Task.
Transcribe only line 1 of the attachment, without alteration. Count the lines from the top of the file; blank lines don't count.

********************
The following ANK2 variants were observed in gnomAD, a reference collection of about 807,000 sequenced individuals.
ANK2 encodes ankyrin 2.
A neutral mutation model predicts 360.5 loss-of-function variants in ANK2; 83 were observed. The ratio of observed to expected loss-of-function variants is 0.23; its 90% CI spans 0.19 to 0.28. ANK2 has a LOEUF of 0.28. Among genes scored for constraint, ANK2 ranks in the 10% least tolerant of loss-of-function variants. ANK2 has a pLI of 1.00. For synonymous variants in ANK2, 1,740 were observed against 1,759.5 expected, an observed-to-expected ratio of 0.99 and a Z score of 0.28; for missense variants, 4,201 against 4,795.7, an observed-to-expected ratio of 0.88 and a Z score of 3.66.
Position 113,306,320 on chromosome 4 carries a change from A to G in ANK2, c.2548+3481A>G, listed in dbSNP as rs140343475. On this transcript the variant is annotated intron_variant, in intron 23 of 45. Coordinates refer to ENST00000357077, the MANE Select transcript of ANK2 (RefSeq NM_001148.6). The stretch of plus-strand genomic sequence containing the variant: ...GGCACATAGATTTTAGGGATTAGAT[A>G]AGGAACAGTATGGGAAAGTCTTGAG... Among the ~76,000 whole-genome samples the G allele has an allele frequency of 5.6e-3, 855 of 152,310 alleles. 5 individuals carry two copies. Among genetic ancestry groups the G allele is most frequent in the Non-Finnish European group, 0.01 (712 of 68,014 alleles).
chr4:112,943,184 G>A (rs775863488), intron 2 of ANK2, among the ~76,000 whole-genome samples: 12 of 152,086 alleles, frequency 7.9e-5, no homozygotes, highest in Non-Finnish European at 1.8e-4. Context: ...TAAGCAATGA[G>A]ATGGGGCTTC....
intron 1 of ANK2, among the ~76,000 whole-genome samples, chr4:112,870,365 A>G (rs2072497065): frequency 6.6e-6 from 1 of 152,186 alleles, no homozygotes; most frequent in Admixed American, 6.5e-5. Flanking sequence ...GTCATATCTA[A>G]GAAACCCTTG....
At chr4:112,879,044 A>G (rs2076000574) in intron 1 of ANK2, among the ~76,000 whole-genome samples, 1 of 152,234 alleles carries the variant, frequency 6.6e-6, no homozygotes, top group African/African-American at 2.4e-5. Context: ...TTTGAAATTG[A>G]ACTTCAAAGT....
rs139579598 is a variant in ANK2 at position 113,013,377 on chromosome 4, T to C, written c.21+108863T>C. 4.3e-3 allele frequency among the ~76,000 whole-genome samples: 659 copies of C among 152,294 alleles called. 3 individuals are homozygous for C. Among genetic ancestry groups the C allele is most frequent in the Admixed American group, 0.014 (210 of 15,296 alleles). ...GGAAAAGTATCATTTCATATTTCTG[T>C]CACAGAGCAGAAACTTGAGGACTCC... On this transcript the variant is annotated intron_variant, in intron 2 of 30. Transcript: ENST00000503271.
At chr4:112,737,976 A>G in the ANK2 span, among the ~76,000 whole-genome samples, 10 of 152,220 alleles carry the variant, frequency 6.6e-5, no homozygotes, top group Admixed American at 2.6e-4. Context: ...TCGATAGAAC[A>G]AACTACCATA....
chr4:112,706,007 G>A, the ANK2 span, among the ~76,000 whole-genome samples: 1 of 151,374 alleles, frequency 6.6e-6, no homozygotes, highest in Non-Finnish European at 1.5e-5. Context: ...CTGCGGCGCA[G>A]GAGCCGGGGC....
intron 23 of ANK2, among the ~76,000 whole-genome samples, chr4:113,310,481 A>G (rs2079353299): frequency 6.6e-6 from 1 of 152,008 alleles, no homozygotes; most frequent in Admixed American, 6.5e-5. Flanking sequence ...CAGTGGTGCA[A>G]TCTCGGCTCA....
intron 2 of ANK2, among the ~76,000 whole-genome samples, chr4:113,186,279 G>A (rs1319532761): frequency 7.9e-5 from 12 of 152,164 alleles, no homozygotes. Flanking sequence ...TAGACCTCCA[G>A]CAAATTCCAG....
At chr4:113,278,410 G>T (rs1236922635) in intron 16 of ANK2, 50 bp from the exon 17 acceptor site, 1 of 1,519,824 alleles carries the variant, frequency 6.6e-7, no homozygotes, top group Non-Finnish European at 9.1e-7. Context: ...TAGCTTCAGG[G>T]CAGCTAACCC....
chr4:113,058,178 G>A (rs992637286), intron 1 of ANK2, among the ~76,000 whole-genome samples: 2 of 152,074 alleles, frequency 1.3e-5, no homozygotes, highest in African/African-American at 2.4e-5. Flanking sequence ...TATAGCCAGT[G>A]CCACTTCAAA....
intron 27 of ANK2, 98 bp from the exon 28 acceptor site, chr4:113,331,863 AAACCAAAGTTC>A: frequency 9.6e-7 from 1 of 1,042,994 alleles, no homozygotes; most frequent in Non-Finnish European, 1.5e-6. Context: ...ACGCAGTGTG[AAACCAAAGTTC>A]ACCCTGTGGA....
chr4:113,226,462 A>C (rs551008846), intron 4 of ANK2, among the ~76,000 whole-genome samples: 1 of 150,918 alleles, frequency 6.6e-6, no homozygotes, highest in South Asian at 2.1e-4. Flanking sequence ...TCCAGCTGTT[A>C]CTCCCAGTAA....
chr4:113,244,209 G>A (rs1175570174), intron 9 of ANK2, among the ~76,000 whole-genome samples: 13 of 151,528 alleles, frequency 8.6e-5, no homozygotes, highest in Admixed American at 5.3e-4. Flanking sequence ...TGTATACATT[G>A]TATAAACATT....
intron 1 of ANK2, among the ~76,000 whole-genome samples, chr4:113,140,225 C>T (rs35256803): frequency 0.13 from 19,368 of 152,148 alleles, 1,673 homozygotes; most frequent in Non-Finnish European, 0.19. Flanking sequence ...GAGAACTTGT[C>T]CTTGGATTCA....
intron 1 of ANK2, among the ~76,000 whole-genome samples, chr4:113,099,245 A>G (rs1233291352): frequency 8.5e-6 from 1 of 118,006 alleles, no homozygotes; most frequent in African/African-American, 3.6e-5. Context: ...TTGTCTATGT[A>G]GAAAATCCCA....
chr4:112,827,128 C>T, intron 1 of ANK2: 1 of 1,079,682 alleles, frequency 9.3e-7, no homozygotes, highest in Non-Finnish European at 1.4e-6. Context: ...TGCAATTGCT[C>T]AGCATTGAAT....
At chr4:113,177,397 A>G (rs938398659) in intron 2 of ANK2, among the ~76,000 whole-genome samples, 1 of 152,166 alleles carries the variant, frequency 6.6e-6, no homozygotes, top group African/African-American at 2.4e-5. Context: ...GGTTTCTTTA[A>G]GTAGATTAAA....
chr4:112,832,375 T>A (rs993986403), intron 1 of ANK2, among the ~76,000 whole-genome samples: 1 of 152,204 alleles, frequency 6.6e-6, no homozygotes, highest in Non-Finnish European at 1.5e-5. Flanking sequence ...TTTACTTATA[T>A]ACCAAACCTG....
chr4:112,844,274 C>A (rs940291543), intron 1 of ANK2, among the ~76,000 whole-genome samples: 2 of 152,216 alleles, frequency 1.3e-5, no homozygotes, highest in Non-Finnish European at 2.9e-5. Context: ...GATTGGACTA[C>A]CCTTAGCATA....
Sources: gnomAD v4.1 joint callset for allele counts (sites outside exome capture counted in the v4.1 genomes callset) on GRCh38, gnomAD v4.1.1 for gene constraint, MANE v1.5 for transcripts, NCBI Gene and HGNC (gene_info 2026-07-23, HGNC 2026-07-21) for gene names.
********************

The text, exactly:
The following ANK2 variants were observed in gnomAD, a reference collection of about 807,000 sequenced individuals.